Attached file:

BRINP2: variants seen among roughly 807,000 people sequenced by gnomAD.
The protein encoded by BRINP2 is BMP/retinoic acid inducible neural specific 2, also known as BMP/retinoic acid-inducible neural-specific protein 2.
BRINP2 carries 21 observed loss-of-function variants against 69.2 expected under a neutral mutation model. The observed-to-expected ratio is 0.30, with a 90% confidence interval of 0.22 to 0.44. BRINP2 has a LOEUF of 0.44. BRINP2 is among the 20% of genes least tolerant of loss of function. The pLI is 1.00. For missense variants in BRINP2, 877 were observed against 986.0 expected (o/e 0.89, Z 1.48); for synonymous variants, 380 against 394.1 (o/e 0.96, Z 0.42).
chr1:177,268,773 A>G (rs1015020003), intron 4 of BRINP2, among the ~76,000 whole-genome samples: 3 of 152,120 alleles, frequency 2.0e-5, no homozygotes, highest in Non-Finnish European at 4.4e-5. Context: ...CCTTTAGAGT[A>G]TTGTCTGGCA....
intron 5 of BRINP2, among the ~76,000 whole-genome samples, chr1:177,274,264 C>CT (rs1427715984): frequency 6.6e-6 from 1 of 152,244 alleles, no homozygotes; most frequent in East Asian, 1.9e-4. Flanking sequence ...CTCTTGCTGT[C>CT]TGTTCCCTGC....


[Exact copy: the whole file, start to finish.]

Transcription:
BRINP2: variants seen among roughly 807,000 people sequenced by gnomAD.
The protein encoded by BRINP2 is BMP/retinoic acid inducible neural specific 2, also known as BMP/retinoic acid-inducible neural-specific protein 2.
BRINP2 carries 21 observed loss-of-function variants against 69.2 expected under a neutral mutation model. The observed-to-expected ratio is 0.30, with a 90% confidence interval of 0.22 to 0.44. BRINP2 has a LOEUF of 0.44. BRINP2 is among the 20% of genes least tolerant of loss of function. The pLI is 1.00. For missense variants in BRINP2, 877 were observed against 986.0 expected (o/e 0.89, Z 1.48); for synonymous variants, 380 against 394.1 (o/e 0.96, Z 0.42).
chr1:177,268,773 A>G (rs1015020003), intron 4 of BRINP2, among the ~76,000 whole-genome samples: 3 of 152,120 alleles, frequency 2.0e-5, no homozygotes, highest in Non-Finnish European at 4.4e-5. Context: ...CCTTTAGAGT[A>G]TTGTCTGGCA....
intron 5 of BRINP2, among the ~76,000 whole-genome samples, chr1:177,274,264 C>CT (rs1427715984): frequency 6.6e-6 from 1 of 152,244 alleles, no homozygotes; most frequent in East Asian, 1.9e-4. Flanking sequence ...CTCTTGCTGT[C>CT]TGTTCCCTGC....